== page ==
“We must continue to push back” is my mantra. I recently admonished my colleagues for failing to take up a resolution that would have called the Legislature back into session. I’m hearing from constituents and people all over the region, from each end of the political spectrum, that what the governor is doing with these unilateral mandates is wrong.
Under my proposal, the Legislature should have called itself into a special session by Sept. 14, but the Senate Rules Committee had not met for a procedural vote. It’s unlikely that the governor would call a special session to curb his own emergency powers, but under the state constitution the Legislature can call itself into session
The House and Senate early this year adopted joint rules, which begins with a resolution submitted to the Senate Rules Committee, something that has never been done in state history.
We set up this process, but it seems that the majority party is more concerned with protecting the governor’s autocratic powers than representing the people. My constituents are clear that they want the Legislature to act to curb the governor’s vaccine mandates and emergency powers, and protect local control in schools and fix flawed police reform legislation. We can’t do that if the majority refuses to even get on the record.
It appears, however, that rules we just put in place are flawed by requiring a specific date for commencing a special session, with no timeline for when the Rules Committee must convene to vote. On Aug. 31, I sent the resolution for consideration, but legislative leaders have yet to respond.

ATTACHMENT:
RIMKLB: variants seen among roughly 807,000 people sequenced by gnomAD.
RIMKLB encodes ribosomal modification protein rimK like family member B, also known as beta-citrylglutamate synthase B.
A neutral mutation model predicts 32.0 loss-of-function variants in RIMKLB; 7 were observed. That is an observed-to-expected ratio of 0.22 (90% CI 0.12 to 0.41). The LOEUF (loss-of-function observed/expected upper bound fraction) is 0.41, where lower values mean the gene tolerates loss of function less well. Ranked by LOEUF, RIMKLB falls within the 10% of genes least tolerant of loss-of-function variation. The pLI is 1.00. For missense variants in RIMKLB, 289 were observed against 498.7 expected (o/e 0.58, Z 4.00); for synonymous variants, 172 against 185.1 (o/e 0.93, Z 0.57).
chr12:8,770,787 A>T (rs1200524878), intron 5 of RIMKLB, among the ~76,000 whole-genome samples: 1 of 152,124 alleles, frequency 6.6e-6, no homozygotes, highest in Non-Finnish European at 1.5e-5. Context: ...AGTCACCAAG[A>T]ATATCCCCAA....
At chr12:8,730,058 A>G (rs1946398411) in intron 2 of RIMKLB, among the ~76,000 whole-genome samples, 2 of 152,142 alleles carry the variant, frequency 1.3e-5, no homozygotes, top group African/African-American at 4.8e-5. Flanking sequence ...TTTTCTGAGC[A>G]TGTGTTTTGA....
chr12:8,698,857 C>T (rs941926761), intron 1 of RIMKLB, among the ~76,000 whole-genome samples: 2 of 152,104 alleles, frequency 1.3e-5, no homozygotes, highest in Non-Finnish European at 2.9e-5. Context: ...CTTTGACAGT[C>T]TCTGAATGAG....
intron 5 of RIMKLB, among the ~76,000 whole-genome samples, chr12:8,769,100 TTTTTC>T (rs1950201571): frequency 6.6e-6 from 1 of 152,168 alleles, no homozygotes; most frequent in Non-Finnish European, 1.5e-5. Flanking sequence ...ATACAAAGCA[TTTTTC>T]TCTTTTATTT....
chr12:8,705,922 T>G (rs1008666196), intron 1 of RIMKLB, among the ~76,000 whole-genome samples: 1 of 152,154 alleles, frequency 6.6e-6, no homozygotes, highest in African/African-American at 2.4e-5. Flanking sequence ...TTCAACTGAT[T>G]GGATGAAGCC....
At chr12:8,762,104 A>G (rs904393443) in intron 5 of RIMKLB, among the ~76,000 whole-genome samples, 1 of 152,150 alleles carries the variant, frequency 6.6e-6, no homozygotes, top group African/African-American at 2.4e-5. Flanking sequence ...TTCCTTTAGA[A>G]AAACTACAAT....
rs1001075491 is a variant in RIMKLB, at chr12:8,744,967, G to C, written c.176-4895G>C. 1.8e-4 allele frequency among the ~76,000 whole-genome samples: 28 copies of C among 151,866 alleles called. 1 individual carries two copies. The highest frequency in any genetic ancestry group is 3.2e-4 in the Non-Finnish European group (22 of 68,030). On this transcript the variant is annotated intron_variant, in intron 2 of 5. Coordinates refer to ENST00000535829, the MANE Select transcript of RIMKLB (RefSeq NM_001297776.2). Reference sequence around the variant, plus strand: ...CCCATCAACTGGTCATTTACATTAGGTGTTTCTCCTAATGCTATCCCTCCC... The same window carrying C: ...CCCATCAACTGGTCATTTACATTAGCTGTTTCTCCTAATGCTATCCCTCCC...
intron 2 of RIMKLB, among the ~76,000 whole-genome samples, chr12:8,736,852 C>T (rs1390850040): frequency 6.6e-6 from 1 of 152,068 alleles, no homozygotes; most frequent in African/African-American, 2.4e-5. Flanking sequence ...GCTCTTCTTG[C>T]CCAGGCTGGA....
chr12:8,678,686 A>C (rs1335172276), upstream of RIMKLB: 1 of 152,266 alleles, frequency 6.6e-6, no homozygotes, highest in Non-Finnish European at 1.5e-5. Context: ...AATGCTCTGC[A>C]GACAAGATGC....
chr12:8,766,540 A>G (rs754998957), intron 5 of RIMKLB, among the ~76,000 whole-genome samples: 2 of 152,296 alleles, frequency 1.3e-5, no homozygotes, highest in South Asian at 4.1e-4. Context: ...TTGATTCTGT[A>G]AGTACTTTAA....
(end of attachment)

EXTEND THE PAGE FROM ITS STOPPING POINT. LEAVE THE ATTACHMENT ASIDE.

I want the people I represent to know that I am doing everything in my power to make their voices heard on these issues. All we are seeing is obstruction and delay from the majority. It’s not just my district either. These issues aren’t partisan. My advice to people frustrated over the erosion of their civil liberties and our democracy is to contact Democratic legislators and urge them to support this special session effort.
This isn’t a debate about being pro or anti vaccine. Sadly, it seems we’ve lost the ability to have any rational discussion about these policy issues and how the state should be responding. I’m approaching this from a pro-freedom perspective. If people want to get the vaccines, they should. But the state shouldn’t coerce, force, or threaten people who choose not to. I’m deeply concerned what these mandates will do. While they are meant to reduce virus deaths, are they going to cause more deaths because of lack of nursing staff in hospitals or harm public safety?